My music project studio is running on Windows for Workgroups. All I need is MIDI. I don't need software plugins (I use hardware for that), I don't want it connected to the internet, I don't use it for any sampling or sample playback. And that's a circa 1993 machine that still works.
  • by CWCheese ( 729272 ) on Friday June 12, 2015 @05:07PM (#49900341)
    This was posted to the Disqus comments, it appears to be from a man named Jeff who is likely the original programmer. He did post another response that talked about some problems he encountered in recent years testing an emulation solution. Bravo to this man Jeff for sticking by his system for the entire lifecycle.

    When the Amiga system originally went in it was controlling well over 100 buildings throughout the district, including the entire GRCC campus at the time. The Amiga replaced the head-end of the system, which was experiencing expensive hardware failures every year ... and you couldn't get parts for that mini-computer on e-bay. It is essentially acting as a huge database (schedules, configurations, control programs, history, etc.), system manager, and monitoring system ("head-end") for the remaining 19 buildings HVAC systems. If the Amiga goes down, the buildings will continue to operate using the configurations last received, with most of the individual device controls being able to be manually overridden inside each building, albeit with less energy efficiency. What you will loose is the ability to change schedules/custom control code/configurations and the ability to centrally monitor the performance of the buildings.

    Each building has one or more local control systems, and those systems communicate back to the central head-end over radio-modem (there was no district-wide network back then). Schedule and other control changes are sent to the buildings and alerts/reports are sent back. That old equipment in the buildings, even older than the Amiga, is what dictates the radio communications link. They incorporate specific protocols for keying up the radio that are not directly compatible with a newer serial to Ethernet type device that would seem like a logical replacement.

    The control systems themselves gather temperatures, both inside and outside the building, look at trends and do predictive control of the equipment to accomodate scheduled use of various areas of each building. For the day, this was very advanced building control and offered significant energy savings, as well as comfort in the buildings.

    Over time, as buildings have been updated, sold or replaced, the local controls withing those buildings have been replaced with newer/more modern controls that communicate with newer central control systems. Replacing these controls that are local to the buildings is what is responsible for the majority of the cost I would say.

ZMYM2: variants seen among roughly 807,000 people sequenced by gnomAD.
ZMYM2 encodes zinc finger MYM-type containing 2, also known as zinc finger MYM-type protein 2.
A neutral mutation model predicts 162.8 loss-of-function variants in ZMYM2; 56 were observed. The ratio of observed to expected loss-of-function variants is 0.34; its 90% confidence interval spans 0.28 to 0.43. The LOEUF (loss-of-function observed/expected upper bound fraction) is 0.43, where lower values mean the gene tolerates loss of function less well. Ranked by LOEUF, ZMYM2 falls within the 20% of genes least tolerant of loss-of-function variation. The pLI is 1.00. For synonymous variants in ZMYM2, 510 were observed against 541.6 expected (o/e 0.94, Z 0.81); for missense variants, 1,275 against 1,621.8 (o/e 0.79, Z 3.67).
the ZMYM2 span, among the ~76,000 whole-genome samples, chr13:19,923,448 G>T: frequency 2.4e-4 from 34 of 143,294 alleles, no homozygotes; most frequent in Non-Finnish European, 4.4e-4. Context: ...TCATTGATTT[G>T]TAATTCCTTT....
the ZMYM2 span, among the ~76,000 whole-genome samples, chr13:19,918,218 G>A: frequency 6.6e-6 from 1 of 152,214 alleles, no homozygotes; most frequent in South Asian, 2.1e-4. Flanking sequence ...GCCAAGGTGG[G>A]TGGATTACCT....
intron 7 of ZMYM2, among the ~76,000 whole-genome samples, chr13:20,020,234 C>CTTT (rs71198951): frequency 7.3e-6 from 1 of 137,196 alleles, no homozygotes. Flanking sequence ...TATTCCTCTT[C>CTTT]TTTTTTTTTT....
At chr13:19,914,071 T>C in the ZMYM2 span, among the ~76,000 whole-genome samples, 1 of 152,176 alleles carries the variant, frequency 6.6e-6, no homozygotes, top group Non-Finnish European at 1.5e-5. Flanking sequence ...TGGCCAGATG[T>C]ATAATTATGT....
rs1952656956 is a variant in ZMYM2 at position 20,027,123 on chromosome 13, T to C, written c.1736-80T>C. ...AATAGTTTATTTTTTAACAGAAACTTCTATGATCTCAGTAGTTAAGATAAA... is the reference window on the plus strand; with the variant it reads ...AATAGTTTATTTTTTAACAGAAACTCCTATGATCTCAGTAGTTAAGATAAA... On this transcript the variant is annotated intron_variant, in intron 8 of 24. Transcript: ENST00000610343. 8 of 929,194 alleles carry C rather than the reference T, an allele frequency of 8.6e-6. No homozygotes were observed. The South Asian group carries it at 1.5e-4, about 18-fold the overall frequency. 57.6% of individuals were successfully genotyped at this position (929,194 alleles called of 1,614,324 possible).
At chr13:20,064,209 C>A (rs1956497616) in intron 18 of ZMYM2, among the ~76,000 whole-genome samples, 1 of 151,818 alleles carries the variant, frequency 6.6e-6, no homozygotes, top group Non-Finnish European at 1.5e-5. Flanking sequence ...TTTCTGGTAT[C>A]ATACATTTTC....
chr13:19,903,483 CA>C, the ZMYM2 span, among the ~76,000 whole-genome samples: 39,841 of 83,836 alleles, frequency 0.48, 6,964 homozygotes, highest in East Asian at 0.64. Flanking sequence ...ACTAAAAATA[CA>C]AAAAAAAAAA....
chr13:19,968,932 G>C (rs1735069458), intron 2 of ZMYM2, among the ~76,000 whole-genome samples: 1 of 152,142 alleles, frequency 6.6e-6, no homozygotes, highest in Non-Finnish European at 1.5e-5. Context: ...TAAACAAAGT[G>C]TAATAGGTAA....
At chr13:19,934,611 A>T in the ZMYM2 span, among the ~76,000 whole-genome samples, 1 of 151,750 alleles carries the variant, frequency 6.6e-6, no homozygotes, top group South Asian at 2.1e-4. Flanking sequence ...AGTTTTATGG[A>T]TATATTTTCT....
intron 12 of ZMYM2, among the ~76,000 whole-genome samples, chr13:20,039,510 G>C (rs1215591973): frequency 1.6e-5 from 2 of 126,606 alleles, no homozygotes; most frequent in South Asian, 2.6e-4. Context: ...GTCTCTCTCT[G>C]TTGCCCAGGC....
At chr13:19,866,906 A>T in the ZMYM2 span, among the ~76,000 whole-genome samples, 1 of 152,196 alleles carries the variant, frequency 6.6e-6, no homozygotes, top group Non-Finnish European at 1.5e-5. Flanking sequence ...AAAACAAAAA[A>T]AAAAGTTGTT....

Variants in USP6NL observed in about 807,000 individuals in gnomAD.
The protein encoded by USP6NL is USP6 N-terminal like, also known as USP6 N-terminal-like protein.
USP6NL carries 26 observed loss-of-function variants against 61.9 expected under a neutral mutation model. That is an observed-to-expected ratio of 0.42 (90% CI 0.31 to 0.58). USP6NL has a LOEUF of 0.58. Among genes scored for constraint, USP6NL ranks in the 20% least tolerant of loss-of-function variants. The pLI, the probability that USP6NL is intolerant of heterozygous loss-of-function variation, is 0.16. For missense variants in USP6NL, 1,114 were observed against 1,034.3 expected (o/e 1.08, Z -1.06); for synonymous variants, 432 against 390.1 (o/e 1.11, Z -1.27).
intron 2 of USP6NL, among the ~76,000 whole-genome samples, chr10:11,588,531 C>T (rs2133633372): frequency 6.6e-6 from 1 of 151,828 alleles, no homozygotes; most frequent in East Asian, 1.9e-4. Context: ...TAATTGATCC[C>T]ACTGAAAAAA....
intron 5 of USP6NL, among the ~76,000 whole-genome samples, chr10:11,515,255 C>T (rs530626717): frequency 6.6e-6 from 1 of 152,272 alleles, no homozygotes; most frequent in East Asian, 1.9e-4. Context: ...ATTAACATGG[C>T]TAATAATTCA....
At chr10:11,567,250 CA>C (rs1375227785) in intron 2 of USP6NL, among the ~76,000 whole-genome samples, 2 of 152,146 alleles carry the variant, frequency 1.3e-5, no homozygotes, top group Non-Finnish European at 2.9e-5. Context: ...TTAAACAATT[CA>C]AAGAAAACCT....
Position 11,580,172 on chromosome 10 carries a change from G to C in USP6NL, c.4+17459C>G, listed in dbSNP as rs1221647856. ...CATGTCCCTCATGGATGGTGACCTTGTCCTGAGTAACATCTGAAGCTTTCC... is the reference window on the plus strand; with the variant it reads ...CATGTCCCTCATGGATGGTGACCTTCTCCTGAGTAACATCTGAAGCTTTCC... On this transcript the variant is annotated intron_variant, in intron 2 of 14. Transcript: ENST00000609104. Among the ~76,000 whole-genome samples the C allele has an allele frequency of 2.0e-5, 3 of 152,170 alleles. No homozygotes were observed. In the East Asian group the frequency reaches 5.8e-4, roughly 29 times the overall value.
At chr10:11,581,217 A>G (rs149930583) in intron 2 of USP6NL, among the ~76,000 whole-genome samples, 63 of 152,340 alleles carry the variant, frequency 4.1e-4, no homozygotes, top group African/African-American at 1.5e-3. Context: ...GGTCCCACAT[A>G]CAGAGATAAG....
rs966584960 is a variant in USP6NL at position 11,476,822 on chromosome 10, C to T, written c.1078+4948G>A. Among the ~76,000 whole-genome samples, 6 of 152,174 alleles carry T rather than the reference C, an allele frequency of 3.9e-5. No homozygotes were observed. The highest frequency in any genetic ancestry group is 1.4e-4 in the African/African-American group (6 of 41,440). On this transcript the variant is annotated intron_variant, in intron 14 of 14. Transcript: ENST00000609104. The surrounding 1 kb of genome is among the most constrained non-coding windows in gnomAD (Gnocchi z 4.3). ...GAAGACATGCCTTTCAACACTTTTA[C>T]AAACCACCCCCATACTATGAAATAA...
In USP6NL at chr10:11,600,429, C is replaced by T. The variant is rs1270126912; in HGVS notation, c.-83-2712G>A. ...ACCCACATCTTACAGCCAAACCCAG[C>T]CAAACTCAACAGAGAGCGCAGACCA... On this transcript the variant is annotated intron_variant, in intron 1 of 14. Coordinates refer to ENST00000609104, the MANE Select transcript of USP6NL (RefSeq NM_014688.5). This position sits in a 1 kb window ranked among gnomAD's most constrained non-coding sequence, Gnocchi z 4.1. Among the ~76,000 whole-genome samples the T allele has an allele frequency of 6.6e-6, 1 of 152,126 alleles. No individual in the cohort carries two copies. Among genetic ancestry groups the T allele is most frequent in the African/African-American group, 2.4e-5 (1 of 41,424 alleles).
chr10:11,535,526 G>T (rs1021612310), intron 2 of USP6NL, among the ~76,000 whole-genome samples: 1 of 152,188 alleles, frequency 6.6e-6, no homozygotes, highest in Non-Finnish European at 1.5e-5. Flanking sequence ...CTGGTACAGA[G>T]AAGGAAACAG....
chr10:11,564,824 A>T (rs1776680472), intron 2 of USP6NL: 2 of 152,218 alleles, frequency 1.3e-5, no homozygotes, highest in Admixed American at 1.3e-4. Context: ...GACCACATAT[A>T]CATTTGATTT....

As far as the Amiga system itself, I believe most of the components are still the original. The hard drive may have failed twice over the years, requiring a rebuild from backups. They did pick up or have donated a few Amiga systems to use as parts as needed, but the system has proven to be very resilient. Obviously, Monitors, Keyboards and Mice can only take so much use without needing to be replaced. Without this, the system likely would have become inoperable and unservicable many years ago, or been incredibly expensive to keep running.

    From a technical stand point, the Amiga was selected because at the time it was the only "Personal Computer" (PC) that had a true pre-emptive multi-taskng operating system. It needed to be able to handle multiple processes simultaneously, including interfacing with the systems, maintaining settings in the database, monitoring the system as well as support for both local and remote access to the system simultaneously. Basically, its capabilities fit the need. While for nostalgia reasons I would hate to see it go, it has been 30 years and I think the system has done its job. Replacing a building's control system doesn't happen overnight, and when you are talking 19 buildings with ancient (yes I am calling myself ancient I guess) control systems, it is going to take money and time. The payback in energy savings, comfort and safe control of the buildings though I think justifies the cost.

    • Re: (Score:3, Insightful)

      by Cramer ( 69040 )

      TL;DR... the HVAC systems are ancient.

      The $2mil is replacing all that ancient crap, not just what the amiga has been maintaining for decades. I don't want to think what's controlling this place. (it's 30 years old, and the plenum confirms that!)

  • by xxxJonBoyxxx ( 565205 ) on Friday June 12, 2015 @05:09PM (#49900359)

    I still have two Amigas (500 and 1200). IM me and you can have both of them for just $500K - that's a savings of $1M over your upgrade costs! /snark>

  • I've been to bowling alleys that actually had scoreboard displays/backends that ran on Amiga computers. Sadly, they've all dropped them in favor of other systems.
  • by LocalH ( 28506 ) on Friday June 12, 2015 @07:23PM (#49901241) Homepage

    Couldn't take the three additional characters to write "Commodore Amiga"?

    Yes, I know, the Amiga is technically a "PC", but since Commodore did actually release a line of PC clones that were actually branded "Commodore PC", I consider the headline inaccurate.

Genetics explains why you look like your father, and if you don't, why you should.